How to get kids to open up
Parenting experts and authors of How To Talk So Little Kids Will Listen, Joanna Faber and Julie King, share their tips to get your children to communicate better.
When Michael started nursery, I was dying to know about his day. Did he like school? Was he making friends? I couldn’t get any useful information out of him. Our conversations always followed the same script: ‘How was your day?’ ‘Fine.’ ‘What did you do?’ ‘Nothing.’
It’s frustrating when our kids venture out into the world, leaving us to wonder how they’re doing. It’s hard to accept that they won’t always want to share the details of their lives. But there are strategies that will help keep the lines of communication open.
1. Model the behaviour you want to see
It occurred to me that I needed to show him how it’s done. So the next time I picked him up from school I asked him, ‘Do you want to know about my day?’
He looked a little confused, as if he were thinking, ‘You have a day? You exist without me?’
I made a point of telling him stories that included feelings. ‘I was worried that our cat was lost. I was so happy when I found her hiding in the laundry basket!’. Then I asked him, ‘Is there anything you want me to know about your day?’
After a few days of this routine, Michael answered that question with an emphatic, 'Yes! My friend Lenny climbed up on the bookshelf. And then he fell out the window!’ ‘What? That sounds scary! Is he okay?’
‘The teacher said he was lucky he fell into the bushes, so he didn’t get hurt.’ I called Lenny’s mum. ‘Is Lenny okay?’ She replied with exasperation, ‘How come you know? I had to hear it from the school. Lenny doesn’t tell me anything!’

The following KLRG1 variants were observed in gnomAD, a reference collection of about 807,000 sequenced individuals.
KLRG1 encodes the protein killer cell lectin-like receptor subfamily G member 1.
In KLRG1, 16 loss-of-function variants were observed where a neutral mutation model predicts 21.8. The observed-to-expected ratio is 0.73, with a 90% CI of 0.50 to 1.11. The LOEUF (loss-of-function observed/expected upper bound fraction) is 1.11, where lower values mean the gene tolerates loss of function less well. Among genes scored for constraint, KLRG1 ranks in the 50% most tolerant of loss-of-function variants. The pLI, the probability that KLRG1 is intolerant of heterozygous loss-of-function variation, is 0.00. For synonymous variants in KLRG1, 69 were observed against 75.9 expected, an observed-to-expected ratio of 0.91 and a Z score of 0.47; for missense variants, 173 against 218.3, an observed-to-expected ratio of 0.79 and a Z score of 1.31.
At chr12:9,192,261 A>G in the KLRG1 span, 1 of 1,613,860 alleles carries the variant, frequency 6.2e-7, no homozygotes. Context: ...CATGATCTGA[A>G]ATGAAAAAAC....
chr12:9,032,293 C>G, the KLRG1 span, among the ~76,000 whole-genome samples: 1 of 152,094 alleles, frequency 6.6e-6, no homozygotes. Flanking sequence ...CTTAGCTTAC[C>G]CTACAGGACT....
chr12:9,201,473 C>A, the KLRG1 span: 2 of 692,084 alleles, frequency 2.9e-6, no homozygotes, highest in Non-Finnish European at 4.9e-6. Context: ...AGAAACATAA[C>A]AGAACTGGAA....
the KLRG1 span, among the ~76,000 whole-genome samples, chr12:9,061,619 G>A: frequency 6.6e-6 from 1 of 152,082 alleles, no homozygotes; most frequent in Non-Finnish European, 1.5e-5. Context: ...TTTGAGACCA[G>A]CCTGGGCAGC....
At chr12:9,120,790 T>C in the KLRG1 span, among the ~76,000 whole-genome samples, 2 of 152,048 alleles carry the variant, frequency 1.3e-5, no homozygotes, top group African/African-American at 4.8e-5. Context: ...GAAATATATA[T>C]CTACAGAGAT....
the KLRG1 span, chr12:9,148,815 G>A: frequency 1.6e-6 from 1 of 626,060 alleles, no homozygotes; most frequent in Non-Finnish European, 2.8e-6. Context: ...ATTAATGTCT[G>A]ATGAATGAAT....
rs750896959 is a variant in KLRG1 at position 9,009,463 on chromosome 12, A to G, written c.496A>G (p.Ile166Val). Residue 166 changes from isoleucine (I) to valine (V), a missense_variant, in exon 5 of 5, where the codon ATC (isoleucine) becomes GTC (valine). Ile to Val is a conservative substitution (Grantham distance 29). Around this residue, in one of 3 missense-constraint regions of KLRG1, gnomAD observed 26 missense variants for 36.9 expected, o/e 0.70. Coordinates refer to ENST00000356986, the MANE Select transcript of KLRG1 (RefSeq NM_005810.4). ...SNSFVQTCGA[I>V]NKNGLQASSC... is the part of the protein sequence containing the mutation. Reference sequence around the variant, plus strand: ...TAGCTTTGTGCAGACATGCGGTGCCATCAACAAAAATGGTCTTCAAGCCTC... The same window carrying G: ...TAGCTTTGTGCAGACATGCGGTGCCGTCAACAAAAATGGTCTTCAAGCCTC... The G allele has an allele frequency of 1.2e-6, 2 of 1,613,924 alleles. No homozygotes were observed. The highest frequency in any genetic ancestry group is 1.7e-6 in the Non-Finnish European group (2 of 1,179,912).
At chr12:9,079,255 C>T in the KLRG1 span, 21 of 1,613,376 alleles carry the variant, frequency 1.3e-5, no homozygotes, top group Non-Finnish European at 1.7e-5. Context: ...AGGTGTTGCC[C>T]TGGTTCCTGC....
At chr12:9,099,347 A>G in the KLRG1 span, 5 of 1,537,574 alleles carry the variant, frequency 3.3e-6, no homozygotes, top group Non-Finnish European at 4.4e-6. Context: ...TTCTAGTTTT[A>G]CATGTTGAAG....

2. Turn daily sharing into a game
Open-ended questions can be difficult for a young child to answer. ‘How was your day?’ can be just as hard for a youngster to respond to as ‘How was your year?’ to you. We can simplify the challenge by providing structure and making it playful. My family plays ‘One Truth, One Lie’ at dinnertime. Each person tells two events from their day and the listeners guess which one really happened. This game often results in great hilarity, as well as sharpened listening skills.
3. Don’t demand a daily report
When kids come home after a long day at school they don’t appreciate being met with a parental debriefing session: ‘Did the class like your presentation on dogs?’ or ‘How did you do on that maths test you were worried about?’ They’d rather hear, ‘Hi. Would you like a snack?’ So, how can we demonstrate interest without prying? Offer an invitation instead of a demand for information: ‘I’d love to hear about your class trip when you’re in the mood to talk about it.’ It’s very likely that minutes later, you’ll feel a tap on the shoulder. ‘Mum, do you want to hear about my trip now? I’m ready to tell.’
4. Acknowledge your child’s feelings
When a child is upset, the last thing he needs is a barrage of questions. ‘What’s wrong?’ ‘What happened?’ ‘Why are you so upset?’ will almostm always elicit responses along the lines of: ‘Nothing’ and ‘I don’t know.’
Questions are threatening. A child may not be able to explain exactly why she is upset. She may feel unable to justify her distress. Maybe her parent will respond ‘Oh, that’s not so bad. It’s nothing to be upset about!’
It’s infinitely more helpful and comforting to a child when the parent simply accepts the feeling without requiring an answer. Instead of ‘What’s wrong?’ try ‘You seem sad.’ Instead of ‘Why are you so upset?’ try ‘It looks like you had a rough day.’ Instead of ‘What happened?’ try, ‘Something happened.’ These responses don’t put kids on the defensive. A child will feel free to talk if she needs to, or to simply take comfort in your sympathetic words and a hug.
LET IT GO
Much as we would love to know everything, sometimes we have to be content to remain in the dark. It’s fine for children to keep some of their adventures out in the world to themselves. It’s part of growing up and becoming independent. We can be there for them when they need us without knowing every detail along the way.
Joanna Faber and Julie King are co-authors of How To Talk So Little Kids Will Listen: A Survival Guide to Life with Children Ages 2-7.